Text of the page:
RobertPGH1981

Puritan Board Sophomore
I first heard of this a few years ago from James White. It was in one of his debates but i can't remember which one. Your logic fits within his statements in that lions do not attack hands and feet but one's neck. Outside of sources I heard that this was written at a time when crucifixion wasn't practiced. The notes you send certainty are helpful.
 

iainduguid

Puritan Board Sophomore
The first article is a thoughtful exploration of the challenges of this difficult verse. The conclusion of the second seems to me to be more "Never mind worrying what the Hebrew really said, God inspired the KJV."

I also think we should be really reluctant to use the "The Masoretes deliberately corrupted the text" line (even though Calvin does, without mentioning the small minority of variant manuscripts). After all, if they deliberately distorted one text, how would we know that they didn't distort others? Especially if you are as reluctant as the KJV is to use the Septuagint to correct the MT. Doesn't this also demonstrate that the KJV translators didn't believe that the Majority Text is always the text that God has preserved pure?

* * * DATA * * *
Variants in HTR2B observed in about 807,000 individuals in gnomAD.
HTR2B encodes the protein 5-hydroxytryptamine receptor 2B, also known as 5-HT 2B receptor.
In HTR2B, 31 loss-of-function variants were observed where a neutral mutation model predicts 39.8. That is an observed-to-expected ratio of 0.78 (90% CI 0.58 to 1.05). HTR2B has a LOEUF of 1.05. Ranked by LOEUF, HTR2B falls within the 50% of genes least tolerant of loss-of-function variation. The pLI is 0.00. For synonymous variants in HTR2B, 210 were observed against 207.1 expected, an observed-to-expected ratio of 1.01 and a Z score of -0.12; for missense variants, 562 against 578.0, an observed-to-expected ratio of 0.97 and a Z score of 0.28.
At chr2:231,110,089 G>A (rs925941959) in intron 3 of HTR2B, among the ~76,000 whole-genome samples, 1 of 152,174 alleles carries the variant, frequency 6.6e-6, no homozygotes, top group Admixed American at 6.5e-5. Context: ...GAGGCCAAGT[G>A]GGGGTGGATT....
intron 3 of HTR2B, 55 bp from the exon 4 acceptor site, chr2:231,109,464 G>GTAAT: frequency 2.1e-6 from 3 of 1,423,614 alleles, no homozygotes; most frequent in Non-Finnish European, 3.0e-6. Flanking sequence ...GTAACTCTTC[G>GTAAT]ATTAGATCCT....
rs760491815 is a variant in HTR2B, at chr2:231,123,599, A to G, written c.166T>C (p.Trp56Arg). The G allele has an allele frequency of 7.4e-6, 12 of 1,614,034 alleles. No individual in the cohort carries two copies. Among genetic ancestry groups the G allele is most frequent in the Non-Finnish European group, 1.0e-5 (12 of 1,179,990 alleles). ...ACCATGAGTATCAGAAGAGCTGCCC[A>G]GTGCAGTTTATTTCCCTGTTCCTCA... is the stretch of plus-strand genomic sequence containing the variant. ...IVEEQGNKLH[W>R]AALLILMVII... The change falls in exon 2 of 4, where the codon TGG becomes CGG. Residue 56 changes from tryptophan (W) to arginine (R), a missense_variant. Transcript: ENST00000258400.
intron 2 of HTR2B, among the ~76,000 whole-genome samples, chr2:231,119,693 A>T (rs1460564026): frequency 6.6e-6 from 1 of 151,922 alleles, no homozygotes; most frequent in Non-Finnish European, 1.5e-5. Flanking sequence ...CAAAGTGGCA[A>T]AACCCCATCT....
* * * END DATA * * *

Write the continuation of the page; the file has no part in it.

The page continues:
Jerusalem Blade

Puritan Board Post-Graduate
Hello Iain, the value of Kinney in the 2nd article is he provides a lot of relevant information and views. The KJV translators may well have been aware that כארו minus the lion was a minority reading in the Masoretic tradition, and went with that, as they made such choices in the NT as well (Luke 2:22; Rev 16:5).

Did the KJV translators think God preserved the Majority Text pure, or in their editorial judgment think a minority reading had better warrant? And did the Westminster divines who stated that the Hebrew and Greek texts they had in hand were preserved pure, agree with the translators' winnowing through some variants? There are some things we will not know with perfect clarity until we meet the Author.